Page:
The Origin of Species by Means of Natural Selection, Or, The Preservation of Favored Races in the Struggle for Life

The Origin of Species by Means of Natural Selection, Or, The Preservation of Favored Races in the Struggle for Life

Book - 1993
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Introduction by Edward J. Larson

Perhaps the most readable and accessible of the great works of scientific inquiry, The Origin of Species sold out its first printing on the very day it was published in 1859. Theologians quickly labeled Charles Darwin the most dangerous man in England and, as the Saturday Review noted, the uproar over the book quickly "passed beyond the bounds of the study and lecture-room into the drawing-room and the public street." Based largely on Darwin's experience as a naturalist while on a five-year voyage aboard H. M. S. Beagle, The Origin of Species set forth a theory of evolution and natural selection that challenged contemporary beliefs about divine providence and the immutability of species. This Modern Library edition includes a Foreword by the Pulitzer Prize-winning science historian Edward J. Larson, an introductory historical sketch, and a glossary Darwin later added to the original text.
Publisher: New York : Modern Library, 1993
ISBN: 9780679600701
Characteristics: xvi, 689 pages ;,19 cm


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Jan 25, 2020

I originally decided to read this book simply for the sake of its importance, expecting it to be a dry read. Instead, Origin of Species turned out to be a marvel. Contrary to the popular misconception, the idea that living things evolved was not a new idea in 1859, but the problem was, no one knew how the process worked. Then Darwin came along and deduced what must be happening behind the scenes to produce the results that he and others were observing, providing the means that had been missing from the controversy. And so dazzlingly astute were his deductions that a modern reader can see that he is talking about DNA’s role in heredity 90 years before Watson and Crick puzzled out the nature of this molecule and confirmed what Darwin already had already concluded through the power of his intellect. But more than that, Darwin’s ability to argue his case is just as dazzling. So lucid and powerful are his arguments that it seems to me that opponents of the idea of evolution would have to explain what *prevents* Darwinian evolution from occurring. I was also surprised to discover that many of the most commonly voiced objections to the concept of evolution were anticipated and disproven by Darwin himself in this original work on the subject. Although the first word on the subject, Origin of Species is so definitive that it is nearly the last word on the subject as well. One can read this book for a better understanding of its importance, to learn about evolution, or to be treated to a marvel of lucid reasoning.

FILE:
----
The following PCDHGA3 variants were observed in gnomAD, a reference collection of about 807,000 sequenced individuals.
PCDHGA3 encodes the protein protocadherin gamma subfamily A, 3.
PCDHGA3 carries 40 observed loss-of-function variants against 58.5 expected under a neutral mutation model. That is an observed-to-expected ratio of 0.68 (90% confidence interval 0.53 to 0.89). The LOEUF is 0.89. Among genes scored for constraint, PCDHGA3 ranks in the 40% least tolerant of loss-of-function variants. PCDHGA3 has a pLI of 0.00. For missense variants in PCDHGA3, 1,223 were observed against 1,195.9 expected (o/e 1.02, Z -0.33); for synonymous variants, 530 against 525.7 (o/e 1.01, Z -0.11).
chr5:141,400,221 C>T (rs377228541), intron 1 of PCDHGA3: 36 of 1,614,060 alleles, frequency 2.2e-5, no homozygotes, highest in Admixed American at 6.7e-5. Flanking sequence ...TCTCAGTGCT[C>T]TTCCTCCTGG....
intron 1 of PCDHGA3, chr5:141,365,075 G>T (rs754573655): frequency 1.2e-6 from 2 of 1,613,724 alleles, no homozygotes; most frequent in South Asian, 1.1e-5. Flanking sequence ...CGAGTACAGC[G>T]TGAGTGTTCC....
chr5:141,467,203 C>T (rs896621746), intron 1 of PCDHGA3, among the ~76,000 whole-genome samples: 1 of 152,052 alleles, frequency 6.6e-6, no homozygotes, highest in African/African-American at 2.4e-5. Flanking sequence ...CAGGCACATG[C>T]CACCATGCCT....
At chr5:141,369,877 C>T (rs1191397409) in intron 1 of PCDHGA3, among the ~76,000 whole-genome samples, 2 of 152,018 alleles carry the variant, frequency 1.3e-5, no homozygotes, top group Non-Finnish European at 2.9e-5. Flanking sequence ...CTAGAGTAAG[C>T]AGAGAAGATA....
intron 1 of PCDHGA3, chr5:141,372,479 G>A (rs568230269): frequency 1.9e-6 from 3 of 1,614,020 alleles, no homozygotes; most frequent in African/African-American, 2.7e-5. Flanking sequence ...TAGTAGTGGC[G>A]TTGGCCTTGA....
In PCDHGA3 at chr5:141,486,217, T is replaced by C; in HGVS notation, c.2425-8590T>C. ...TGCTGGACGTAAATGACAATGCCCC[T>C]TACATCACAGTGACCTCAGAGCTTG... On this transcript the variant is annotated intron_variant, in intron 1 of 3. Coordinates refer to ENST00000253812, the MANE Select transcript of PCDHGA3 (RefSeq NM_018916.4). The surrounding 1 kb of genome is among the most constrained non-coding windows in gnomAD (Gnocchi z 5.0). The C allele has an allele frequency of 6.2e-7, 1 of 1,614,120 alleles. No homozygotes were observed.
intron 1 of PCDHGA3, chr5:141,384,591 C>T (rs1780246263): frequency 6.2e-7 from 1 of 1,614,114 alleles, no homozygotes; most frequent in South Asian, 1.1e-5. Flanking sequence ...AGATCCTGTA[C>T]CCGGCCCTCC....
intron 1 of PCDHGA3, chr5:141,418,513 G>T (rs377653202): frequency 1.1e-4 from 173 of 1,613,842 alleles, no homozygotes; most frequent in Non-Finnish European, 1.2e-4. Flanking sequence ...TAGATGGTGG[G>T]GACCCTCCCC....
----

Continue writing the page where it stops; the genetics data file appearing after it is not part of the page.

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Jul 16, 2008

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